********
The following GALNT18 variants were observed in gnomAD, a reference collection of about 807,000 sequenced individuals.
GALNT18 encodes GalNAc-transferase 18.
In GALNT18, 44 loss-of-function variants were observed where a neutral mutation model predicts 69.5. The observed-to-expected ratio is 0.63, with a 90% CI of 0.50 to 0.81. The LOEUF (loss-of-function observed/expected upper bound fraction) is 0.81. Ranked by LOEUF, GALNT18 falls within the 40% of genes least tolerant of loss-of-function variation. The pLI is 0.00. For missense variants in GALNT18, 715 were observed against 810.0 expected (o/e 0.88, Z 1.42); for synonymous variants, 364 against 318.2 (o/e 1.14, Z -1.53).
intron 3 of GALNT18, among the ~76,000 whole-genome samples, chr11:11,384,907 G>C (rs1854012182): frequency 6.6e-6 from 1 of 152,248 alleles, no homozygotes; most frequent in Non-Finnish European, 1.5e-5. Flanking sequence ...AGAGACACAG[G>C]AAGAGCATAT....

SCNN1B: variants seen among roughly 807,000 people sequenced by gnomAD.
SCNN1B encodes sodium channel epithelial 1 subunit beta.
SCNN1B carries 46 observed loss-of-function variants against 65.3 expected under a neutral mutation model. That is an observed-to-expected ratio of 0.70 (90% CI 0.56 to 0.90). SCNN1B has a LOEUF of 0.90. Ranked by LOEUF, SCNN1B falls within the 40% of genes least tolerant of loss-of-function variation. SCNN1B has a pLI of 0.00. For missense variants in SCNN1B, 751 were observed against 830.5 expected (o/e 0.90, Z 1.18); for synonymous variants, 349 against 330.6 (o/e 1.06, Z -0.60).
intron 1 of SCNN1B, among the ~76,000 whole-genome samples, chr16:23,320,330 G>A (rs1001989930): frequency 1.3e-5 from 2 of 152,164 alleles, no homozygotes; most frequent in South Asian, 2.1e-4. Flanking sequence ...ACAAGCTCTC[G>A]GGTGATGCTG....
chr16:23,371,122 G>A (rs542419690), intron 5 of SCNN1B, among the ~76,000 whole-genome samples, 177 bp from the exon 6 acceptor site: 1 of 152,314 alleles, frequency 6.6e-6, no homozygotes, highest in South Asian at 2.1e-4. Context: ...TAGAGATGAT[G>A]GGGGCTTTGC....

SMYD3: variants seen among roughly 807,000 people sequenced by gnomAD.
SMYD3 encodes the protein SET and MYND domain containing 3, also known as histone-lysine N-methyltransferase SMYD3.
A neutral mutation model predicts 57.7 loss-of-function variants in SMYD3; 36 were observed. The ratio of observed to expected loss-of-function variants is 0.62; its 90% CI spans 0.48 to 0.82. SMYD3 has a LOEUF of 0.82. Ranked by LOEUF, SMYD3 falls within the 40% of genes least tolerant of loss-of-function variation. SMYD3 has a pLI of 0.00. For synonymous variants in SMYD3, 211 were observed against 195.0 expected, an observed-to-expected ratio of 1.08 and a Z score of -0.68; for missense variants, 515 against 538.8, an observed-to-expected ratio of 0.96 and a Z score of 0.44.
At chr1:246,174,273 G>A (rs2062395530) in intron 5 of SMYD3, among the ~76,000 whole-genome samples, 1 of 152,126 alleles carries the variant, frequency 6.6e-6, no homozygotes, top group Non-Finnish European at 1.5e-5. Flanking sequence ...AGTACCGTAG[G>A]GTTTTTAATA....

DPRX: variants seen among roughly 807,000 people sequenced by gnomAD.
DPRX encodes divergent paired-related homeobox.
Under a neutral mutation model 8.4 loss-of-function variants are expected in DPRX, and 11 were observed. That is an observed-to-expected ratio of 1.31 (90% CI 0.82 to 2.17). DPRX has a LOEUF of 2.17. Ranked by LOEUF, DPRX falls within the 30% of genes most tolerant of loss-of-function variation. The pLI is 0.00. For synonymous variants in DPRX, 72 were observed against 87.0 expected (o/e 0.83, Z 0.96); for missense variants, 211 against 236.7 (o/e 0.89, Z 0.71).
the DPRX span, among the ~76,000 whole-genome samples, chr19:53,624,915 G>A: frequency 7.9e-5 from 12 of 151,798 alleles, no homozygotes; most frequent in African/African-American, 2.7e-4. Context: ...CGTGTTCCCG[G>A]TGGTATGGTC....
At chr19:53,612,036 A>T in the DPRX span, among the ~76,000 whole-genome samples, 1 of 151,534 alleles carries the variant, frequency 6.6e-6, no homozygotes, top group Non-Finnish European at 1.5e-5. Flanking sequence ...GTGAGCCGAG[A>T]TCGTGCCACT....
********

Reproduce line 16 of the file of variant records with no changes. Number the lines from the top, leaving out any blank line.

Under a neutral mutation model 8.4 loss-of-function variants are expected in DPRX, and 11 were observed. That is an observed-to-expected ratio of 1.31 (90% CI 0.82 to 2.17). DPRX has a LOEUF of 2.17. Ranked by LOEUF, DPRX falls within the 30% of genes most tolerant of loss-of-function variation. The pLI is 0.00. For synonymous variants in DPRX, 72 were observed against 87.0 expected (o/e 0.83, Z 0.96); for missense variants, 211 against 236.7 (o/e 0.89, Z 0.71).